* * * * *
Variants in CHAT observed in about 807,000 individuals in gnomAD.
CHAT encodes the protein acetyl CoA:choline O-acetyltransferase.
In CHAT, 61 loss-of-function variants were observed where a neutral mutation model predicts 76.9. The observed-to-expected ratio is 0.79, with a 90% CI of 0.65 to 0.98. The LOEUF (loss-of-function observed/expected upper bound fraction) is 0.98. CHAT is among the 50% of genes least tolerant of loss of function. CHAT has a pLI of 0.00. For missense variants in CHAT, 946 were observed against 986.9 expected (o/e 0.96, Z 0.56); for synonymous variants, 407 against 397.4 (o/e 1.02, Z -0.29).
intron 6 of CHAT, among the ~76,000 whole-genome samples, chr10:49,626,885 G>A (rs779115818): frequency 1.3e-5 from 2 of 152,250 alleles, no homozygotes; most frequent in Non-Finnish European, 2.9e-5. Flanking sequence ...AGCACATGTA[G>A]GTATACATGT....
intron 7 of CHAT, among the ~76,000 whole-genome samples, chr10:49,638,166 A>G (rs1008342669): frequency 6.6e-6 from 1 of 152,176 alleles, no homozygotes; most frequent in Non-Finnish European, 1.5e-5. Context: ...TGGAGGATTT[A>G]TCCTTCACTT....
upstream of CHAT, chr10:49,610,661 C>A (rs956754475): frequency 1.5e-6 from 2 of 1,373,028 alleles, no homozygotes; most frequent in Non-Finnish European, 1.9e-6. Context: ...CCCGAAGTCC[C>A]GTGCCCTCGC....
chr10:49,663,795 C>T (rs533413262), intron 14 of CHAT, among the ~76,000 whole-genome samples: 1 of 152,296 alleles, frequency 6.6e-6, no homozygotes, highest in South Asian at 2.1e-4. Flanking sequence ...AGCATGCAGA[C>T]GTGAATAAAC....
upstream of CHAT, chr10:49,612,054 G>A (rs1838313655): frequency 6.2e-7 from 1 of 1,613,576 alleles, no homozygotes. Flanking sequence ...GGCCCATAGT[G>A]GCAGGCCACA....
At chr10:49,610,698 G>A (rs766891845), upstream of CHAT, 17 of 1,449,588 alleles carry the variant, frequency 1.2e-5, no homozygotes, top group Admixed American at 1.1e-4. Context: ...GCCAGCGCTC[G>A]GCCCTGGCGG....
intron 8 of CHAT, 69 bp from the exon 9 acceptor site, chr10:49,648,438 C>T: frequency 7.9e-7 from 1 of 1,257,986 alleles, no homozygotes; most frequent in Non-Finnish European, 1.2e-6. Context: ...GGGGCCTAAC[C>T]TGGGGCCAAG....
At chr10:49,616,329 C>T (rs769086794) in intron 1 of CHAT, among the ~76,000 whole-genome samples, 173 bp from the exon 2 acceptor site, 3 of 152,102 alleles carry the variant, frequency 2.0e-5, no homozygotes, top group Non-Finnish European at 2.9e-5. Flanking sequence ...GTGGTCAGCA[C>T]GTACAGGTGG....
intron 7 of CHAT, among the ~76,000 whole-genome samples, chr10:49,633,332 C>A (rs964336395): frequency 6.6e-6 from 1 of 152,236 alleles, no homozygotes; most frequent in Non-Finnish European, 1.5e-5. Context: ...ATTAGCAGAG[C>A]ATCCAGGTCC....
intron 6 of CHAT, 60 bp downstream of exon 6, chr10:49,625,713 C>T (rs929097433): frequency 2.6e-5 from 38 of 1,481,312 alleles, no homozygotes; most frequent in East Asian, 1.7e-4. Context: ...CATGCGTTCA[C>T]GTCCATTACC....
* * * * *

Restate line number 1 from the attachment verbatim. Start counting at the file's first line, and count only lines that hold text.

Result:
Variants in CHAT observed in about 807,000 individuals in gnomAD.